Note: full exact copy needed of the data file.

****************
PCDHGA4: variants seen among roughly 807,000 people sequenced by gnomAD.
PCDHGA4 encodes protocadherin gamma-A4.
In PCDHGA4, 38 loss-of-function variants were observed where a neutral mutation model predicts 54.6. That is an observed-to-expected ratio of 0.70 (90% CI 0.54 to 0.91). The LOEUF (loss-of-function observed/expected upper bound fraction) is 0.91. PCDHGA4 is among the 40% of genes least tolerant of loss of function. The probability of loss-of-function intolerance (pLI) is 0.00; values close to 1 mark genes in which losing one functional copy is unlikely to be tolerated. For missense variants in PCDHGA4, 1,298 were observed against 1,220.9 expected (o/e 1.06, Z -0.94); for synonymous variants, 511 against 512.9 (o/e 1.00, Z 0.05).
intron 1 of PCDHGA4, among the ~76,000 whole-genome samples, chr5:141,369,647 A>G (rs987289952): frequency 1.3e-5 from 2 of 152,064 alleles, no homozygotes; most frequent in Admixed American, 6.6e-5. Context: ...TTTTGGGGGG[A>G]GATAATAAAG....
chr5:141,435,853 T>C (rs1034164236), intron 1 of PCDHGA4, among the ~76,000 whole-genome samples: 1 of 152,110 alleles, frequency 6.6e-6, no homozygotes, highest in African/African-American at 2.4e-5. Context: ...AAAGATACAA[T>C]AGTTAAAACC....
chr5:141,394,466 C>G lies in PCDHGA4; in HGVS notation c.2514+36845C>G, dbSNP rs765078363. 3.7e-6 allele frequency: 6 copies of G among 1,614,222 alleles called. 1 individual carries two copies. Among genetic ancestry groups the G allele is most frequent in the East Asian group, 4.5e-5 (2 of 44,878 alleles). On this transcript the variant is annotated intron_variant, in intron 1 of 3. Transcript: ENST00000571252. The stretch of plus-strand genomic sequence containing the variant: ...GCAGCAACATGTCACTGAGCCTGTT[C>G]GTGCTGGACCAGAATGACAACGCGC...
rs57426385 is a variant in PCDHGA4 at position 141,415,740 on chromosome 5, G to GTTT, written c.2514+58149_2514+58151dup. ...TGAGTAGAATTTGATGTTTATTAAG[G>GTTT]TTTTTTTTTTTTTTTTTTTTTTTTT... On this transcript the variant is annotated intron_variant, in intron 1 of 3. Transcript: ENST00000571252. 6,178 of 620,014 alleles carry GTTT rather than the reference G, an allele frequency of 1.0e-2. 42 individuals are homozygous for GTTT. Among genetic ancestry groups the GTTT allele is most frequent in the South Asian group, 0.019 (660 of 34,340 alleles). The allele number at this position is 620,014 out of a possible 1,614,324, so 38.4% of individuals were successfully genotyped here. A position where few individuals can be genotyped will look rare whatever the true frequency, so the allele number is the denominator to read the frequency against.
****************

PCDHGA4: variants seen among roughly 807,000 people sequenced by gnomAD.
PCDHGA4 encodes protocadherin gamma-A4.
In PCDHGA4, 38 loss-of-function variants were observed where a neutral mutation model predicts 54.6. That is an observed-to-expected ratio of 0.70 (90% CI 0.54 to 0.91). The LOEUF (loss-of-function observed/expected upper bound fraction) is 0.91. PCDHGA4 is among the 40% of genes least tolerant of loss of function. The probability of loss-of-function intolerance (pLI) is 0.00; values close to 1 mark genes in which losing one functional copy is unlikely to be tolerated. For missense variants in PCDHGA4, 1,298 were observed against 1,220.9 expected (o/e 1.06, Z -0.94); for synonymous variants, 511 against 512.9 (o/e 1.00, Z 0.05).
intron 1 of PCDHGA4, among the ~76,000 whole-genome samples, chr5:141,369,647 A>G (rs987289952): frequency 1.3e-5 from 2 of 152,064 alleles, no homozygotes; most frequent in Admixed American, 6.6e-5. Context: ...TTTTGGGGGG[A>G]GATAATAAAG....
chr5:141,435,853 T>C (rs1034164236), intron 1 of PCDHGA4, among the ~76,000 whole-genome samples: 1 of 152,110 alleles, frequency 6.6e-6, no homozygotes, highest in African/African-American at 2.4e-5. Context: ...AAAGATACAA[T>C]AGTTAAAACC....
chr5:141,394,466 C>G lies in PCDHGA4; in HGVS notation c.2514+36845C>G, dbSNP rs765078363. 3.7e-6 allele frequency: 6 copies of G among 1,614,222 alleles called. 1 individual carries two copies. Among genetic ancestry groups the G allele is most frequent in the East Asian group, 4.5e-5 (2 of 44,878 alleles). On this transcript the variant is annotated intron_variant, in intron 1 of 3. Transcript: ENST00000571252. The stretch of plus-strand genomic sequence containing the variant: ...GCAGCAACATGTCACTGAGCCTGTT[C>G]GTGCTGGACCAGAATGACAACGCGC...
rs57426385 is a variant in PCDHGA4 at position 141,415,740 on chromosome 5, G to GTTT, written c.2514+58149_2514+58151dup. ...TGAGTAGAATTTGATGTTTATTAAG[G>GTTT]TTTTTTTTTTTTTTTTTTTTTTTTT... On this transcript the variant is annotated intron_variant, in intron 1 of 3. Transcript: ENST00000571252. 6,178 of 620,014 alleles carry GTTT rather than the reference G, an allele frequency of 1.0e-2. 42 individuals are homozygous for GTTT. Among genetic ancestry groups the GTTT allele is most frequent in the South Asian group, 0.019 (660 of 34,340 alleles). The allele number at this position is 620,014 out of a possible 1,614,324, so 38.4% of individuals were successfully genotyped here. A position where few individuals can be genotyped will look rare whatever the true frequency, so the allele number is the denominator to read the frequency against.